2010: Week 47 Blots

BLOT: (28 Nov 2010 - 11:36:42 PM)

Evergreen, AL's Municipal Park: the 2010 Black Friday Hike (with photos)

The first Black Friday Hike was on Monte Santo. Did something like 6 miles. Second year, roughly the same thing, except on Thanksgiving Day itself (I was back in retail). Third year, which was last year, the much more strenuous Walls of Jericho. Basically, then, we have three years with three roughish hikes with Sarah and I accompanied by at least one other person. This year? Well...didn't happen.

We were down in Evergreen, visiting my mom, and there is only real hiking location on the South-side of the State not the Gulf Shores State Park: the Conecuh National Forest (despite the name, it is about an hour away from Conecuh County). I have been there before, hiked the "Crystal Springs" trail which ended up being far too long to bring three youngish children along with and expect to be back before dark. I've wanted to repeat it for some time, more proper hike style, but one downside is the old CNF allows hunting during open season (and the day after Thanksgiving is something of the most open hunting day of all). Which is also why Sarah and I did not get out and just "make our own trail" since so much of the South-'Bama landscape is just trees and old dirt roads.

Also, the weather wasn't the best for hiking. Pop-up storms and fairly consistent drizzles meant anything with a chance of being muddy probably would be and there was a chance of worse weather brewing at any moment. I had a backup plan of getting out and walking around Evergreen itself for a few hours, but we ended up going to the Park. I have been there before with a camera, and in fact, the first 14 pics of this earlier Evergreen photo gallery are of the Park.

The Evergreen Municipal Park is kind of small, maybe about 15 acre park located a mile or two South (and East) of 31 on what might still be called "Main Street". Looking around for some official facts, this one picture of the opening sign and staff is the only thing I found. Here's a Google Maps sattelite view of the Evergreen City Park (as we all called it). Gives you an idea of the layout. Maybe 1500ft at the widest axis either way, surrounded by a single-lane paved trail that doubles as a road and goes on for maybe a mile. The park's lake dominates the southern section, along with two playgrounds (one older and metal, one newer and wooden) and a log cabin about the center. The northern section has a series of ball fields.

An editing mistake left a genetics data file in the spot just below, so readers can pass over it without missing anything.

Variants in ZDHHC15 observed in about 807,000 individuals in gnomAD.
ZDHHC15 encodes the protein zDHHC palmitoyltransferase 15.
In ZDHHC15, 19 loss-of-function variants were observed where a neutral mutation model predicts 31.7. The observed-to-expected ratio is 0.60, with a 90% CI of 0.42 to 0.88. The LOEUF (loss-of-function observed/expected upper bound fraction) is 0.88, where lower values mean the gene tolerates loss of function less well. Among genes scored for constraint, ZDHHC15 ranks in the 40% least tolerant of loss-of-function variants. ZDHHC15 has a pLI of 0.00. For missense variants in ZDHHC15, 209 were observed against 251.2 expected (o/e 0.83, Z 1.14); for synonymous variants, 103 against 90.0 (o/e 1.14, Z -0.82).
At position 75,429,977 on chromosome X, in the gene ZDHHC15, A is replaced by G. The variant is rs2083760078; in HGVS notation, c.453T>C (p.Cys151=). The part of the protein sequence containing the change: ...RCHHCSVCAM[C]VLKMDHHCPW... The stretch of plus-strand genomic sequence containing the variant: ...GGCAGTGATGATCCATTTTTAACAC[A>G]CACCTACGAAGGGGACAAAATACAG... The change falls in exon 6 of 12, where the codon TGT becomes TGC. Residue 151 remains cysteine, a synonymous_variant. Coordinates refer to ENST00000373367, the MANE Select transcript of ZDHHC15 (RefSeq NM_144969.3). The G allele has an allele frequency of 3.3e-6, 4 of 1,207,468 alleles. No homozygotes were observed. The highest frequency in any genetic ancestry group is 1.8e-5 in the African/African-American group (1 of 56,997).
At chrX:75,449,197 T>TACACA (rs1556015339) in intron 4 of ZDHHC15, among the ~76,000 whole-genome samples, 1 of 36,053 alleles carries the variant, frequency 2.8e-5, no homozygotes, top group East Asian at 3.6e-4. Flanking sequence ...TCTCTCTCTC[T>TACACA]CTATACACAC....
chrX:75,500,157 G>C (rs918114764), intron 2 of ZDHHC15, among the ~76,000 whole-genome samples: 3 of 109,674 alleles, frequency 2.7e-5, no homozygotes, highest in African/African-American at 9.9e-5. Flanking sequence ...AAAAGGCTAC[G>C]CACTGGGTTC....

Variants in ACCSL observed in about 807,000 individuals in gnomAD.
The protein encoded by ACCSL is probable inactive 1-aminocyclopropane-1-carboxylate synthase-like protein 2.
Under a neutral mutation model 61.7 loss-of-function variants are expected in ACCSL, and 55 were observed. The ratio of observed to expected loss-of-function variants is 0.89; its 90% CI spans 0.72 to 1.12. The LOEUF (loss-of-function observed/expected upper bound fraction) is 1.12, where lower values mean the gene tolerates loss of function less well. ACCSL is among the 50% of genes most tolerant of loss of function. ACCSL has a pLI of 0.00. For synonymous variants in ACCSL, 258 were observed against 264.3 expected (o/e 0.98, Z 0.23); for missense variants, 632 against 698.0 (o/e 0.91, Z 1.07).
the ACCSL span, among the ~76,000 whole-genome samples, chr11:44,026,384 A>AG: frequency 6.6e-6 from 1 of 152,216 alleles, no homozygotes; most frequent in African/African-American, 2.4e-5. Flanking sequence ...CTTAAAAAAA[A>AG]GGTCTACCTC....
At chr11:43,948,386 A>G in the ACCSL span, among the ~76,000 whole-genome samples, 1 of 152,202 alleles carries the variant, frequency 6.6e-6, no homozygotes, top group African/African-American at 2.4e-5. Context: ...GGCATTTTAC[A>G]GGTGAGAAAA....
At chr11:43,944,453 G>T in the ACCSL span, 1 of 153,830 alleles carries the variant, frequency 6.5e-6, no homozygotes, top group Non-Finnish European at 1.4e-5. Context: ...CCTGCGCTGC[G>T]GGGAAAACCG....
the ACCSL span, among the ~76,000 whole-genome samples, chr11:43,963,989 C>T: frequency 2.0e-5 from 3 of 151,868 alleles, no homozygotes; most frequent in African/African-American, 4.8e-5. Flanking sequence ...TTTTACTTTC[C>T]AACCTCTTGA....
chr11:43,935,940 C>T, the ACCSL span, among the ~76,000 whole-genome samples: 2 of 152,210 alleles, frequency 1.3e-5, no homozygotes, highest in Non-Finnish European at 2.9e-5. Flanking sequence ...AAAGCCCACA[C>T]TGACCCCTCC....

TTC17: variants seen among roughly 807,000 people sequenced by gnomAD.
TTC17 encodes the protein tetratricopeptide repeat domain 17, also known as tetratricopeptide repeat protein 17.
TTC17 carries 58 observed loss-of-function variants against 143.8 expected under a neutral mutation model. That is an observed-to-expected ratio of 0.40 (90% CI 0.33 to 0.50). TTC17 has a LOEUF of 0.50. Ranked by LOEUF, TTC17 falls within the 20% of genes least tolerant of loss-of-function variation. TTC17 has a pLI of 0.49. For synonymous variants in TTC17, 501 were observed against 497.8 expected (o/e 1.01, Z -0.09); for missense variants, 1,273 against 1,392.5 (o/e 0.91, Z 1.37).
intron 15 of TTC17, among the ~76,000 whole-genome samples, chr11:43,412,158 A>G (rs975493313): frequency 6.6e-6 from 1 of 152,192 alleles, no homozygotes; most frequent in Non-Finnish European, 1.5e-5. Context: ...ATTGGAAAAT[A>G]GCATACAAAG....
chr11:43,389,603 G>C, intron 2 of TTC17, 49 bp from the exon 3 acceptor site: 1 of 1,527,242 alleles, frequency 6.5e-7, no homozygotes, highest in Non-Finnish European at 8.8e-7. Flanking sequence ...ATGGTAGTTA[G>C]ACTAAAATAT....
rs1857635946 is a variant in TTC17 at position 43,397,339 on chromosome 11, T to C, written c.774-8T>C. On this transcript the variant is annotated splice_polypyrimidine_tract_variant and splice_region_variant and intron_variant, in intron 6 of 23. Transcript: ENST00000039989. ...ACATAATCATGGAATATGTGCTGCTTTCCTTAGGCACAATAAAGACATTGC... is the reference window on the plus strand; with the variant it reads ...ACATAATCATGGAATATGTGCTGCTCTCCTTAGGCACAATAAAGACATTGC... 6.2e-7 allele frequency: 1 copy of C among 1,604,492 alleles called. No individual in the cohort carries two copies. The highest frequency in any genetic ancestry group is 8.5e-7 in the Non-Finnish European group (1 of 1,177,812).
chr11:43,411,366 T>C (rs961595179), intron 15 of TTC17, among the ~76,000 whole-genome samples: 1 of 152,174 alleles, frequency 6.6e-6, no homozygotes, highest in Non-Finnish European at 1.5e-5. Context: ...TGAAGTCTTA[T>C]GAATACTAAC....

One of the salient features to making the park worthy of photography is the fact that it has several renovations over the years, usually at a time after the other renovations have started to show age. This means you have some sections that look kind of new, and some that look old and decayed, and then some sections that are even older that look relatively ok. When I was young, there was a metal playground that still is around. About, ooo, maybe 15-20 years ago, they built the wooden playground. I'm not sure when the Cabin came about. The pavilions have been around for a bit, but I think have been recently redone. At one point a dozen or two concrete park benches were laid out, and now half of them are collapsing but some are holding up ok. Sometime in there, they put up a couple of wooden walk bridges over to the side of the road, maybe implying there was going to be a more legitimate trail made, but nothing seems to have come of it. Then you add in the fact that the one side, the more Northern angle, of the park has some clearcutting or something going on, and the North-Eastern edge has some sort of factor building right there, and it is an odd overall sight.

Picture of a mixture of standard city park natural hints mixed with urban decay, out of season trash, graffiti, grey skies, unraked leaves, and leaning signs and you have a good idea of what Sarah and I were looking at on November 26, 2010. Don't get me wrong: I have played and had a good time in this park for many years. It is just, well, it has seen better days and the overall dreariness of the day (including distance crow caws and only four other people, total, the time we were there) added to a nice, dystopian flavor. Seriously, a post-apocalyptic live action RPG would have been right at home, here.